Why we must incorporate diversity and inclusion in early years education
Alicia Wilkins, early years educator and tiney home nursery leader
Thursday, November 26, 2020
Diversity has been at the heart of many conversations this year, and should be at the heart of early years education, says childminder and early years educator Alicia Wilkins
Our awareness of difference - whether it be race, gender, or identity - has been heightened and discussed like never before. From the boardroom to the classroom, it feels like we are finally starting to give diversity and inclusion the energy and airtime it deserves.
But when is the right time to start incorporating diversity into our lives? Having recently retrained as a professional childminder and early years educator, I feel passionately that we should be placing inclusivity at the heart of early years.
During my childhood, I was lucky enough to have two loving and supportive parents who continually reinforced that I was good enough. I carried this through school and into adulthood, confident in my own abilities - propelled through life by the affirmations I received at home.
As a black child in a predominantly white primary school, this protective shield created for me by my parents was something I didn’t realise I’d been carrying until much later in life. My twin brother was just as talented as me, but has less natural aptitude when it came to academics.
His primary school teachers, whether consciously or subconsciously, fell into the trope so many young black men experience. They expected him to underperform. By not meeting their expectations, he was right on track.
Conversely, my academic achievements were met with surprise. I was an over achiever by default, because less was expected of me. That’s not to say our teachers weren’t wonderful professionals who were doing their best. It’s simply a reflection of the assumptions we all unwittingly ingest from the world around us and which go on to impact those around us.
During my adult life I’ve often thought about the children like me and my brother who entered primary school not armed with the love and affirmation of brilliant parents or carers. The prejudices and presumptions that fester within the seams of our society - whether it’s around skin colour, body size, or religion - can chip away at the confidence of the very youngest children, absorbing everything like a sponge as they do.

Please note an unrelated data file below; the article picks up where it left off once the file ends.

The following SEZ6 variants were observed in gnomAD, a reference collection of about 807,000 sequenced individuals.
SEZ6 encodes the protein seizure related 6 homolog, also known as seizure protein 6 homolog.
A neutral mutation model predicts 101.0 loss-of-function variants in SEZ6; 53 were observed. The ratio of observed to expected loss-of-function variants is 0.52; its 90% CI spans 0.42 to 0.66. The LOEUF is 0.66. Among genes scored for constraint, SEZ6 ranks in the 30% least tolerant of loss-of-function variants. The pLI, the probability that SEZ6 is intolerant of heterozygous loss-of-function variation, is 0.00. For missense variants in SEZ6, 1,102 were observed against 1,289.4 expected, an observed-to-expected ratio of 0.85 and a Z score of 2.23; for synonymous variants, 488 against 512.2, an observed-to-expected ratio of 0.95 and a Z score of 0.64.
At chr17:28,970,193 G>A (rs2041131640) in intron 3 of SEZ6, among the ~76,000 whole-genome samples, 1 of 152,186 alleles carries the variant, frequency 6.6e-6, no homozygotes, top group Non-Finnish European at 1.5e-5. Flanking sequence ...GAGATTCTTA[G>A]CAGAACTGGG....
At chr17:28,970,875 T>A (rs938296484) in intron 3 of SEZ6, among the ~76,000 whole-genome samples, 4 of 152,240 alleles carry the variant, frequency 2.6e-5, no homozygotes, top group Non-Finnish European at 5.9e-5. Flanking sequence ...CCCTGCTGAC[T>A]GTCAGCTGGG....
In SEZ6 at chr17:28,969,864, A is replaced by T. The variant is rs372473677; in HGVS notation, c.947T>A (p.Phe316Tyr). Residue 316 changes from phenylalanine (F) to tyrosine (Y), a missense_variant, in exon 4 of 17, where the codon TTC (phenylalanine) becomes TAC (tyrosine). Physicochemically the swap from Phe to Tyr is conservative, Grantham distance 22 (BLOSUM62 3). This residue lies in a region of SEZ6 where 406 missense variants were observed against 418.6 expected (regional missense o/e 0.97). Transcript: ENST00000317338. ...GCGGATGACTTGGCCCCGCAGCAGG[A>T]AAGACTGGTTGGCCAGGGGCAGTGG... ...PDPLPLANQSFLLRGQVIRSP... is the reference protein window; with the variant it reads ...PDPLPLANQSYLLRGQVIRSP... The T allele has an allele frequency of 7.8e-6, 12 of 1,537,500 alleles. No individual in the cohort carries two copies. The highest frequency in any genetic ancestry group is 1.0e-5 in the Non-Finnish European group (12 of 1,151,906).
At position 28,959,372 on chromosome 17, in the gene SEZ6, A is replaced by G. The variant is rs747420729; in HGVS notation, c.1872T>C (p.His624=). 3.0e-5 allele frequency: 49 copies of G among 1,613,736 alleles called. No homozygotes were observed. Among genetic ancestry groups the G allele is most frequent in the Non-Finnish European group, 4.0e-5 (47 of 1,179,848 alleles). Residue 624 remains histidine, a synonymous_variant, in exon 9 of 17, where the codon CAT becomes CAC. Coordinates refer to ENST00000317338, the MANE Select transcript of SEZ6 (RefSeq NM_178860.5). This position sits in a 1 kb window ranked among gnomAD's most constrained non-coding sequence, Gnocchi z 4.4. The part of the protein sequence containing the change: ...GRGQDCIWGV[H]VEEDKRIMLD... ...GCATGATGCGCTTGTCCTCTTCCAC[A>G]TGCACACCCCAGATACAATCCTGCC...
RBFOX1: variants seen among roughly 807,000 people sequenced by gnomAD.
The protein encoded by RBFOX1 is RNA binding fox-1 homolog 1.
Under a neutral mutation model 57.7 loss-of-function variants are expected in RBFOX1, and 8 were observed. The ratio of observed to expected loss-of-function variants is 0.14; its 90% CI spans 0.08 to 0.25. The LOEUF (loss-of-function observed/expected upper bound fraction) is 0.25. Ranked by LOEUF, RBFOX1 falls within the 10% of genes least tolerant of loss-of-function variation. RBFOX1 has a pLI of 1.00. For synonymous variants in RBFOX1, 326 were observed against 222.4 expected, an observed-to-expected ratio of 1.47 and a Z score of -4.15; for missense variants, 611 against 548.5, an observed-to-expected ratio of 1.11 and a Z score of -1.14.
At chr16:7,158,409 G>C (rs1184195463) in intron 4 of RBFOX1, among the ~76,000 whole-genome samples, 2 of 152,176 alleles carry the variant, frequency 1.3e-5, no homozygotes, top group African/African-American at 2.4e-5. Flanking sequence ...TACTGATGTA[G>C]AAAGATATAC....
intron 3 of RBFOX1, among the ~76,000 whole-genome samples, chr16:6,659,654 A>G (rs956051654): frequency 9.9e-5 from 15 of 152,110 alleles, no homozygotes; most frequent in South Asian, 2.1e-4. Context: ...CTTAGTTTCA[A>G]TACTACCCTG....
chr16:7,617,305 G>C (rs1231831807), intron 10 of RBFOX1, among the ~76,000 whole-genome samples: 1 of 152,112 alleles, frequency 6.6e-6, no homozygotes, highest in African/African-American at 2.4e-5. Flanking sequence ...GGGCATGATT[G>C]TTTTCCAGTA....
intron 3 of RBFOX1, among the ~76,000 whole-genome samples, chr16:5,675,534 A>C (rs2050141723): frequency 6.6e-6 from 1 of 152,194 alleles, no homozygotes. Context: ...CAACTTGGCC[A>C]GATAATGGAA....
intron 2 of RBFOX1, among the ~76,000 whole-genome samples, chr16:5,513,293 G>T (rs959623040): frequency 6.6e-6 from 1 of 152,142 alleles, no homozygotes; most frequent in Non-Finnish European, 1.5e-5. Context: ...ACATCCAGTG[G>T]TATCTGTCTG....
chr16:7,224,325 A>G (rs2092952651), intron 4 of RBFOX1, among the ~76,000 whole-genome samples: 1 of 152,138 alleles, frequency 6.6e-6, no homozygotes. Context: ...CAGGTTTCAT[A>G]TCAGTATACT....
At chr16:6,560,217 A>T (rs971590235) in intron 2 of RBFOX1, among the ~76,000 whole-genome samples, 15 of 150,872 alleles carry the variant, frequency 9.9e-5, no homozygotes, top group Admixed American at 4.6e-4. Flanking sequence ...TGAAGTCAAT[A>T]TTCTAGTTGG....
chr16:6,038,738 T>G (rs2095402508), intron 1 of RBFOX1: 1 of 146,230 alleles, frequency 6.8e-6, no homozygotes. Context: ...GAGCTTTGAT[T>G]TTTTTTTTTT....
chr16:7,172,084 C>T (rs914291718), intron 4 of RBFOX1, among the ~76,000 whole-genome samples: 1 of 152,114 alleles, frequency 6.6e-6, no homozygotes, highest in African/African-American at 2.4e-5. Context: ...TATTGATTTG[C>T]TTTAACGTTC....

Even those children who are met with wonderful primary school teachers who try to reinforce the child’s uniqueness and abilities are often too far down the track of societal expectations. They have already internalised their ‘difference’ and labelled it negatively.
Prior to becoming a childminder, I worked as a primary school teacher at various wonderful schools across London. And whilst they had created a loving and caring environment, they had not actively put diversity and inclusion at the heart of their ethos.
This means some children weren’t given enough reinforcement to counter the narratives society was pushing towards them. I’ll always remember one little girl coming up to me and telling me that she hated her afro hair. She can’t have been more than seven-years-old, but already was seeing her difference as an issue - desiring instead the caucasian hair of her classmates.
For those children who, for whatever reason, have internalised and branded their differences, we must create spaces in which those myths can be dispelled.
And I believe a huge amount of positive work can be done in this regard in the early years space. Children who learn to celebrate differences in early years setting will help strengthen their self-worth and tolerance before they head into primary school. Each piece of armour we can weld for them before they head into the world is a vital piece of protection against society’s preconceived notions.
In the home nursery I’m creating, making each child feel special is the objective.
I want to celebrate their uniqueness, foster a sense of pride in who they are and where they come from, and create awareness that difference is something to be treasured.
For such little children, this of course has to happen holistically and organically. It will be reflected in the food we eat, the music we play, and the characters in the books we read. It will centre around what they enjoy - ensuring they’re praised for what they’re good at, as well as encouraged to try new things in their own time. There isn’t ‘right’ and ‘wrong’ in inclusive early years settings; simply love, care, and inquisitiveness.
Every single educator - from early years to academia - has a responsibility to support and encourage the young minds placed in their care.
With so much vital development occurring during the pre-school years, we cannot afford to let the importance of diversity slip off the early years agenda.
We must find and create, age-appropriate ways of helping children understand that their differences and those of others are wonderful, cherished and welcome. If we can support a generation of children to think and feel like this, just think what an impact it could have on creating a fairer, more tolerant society.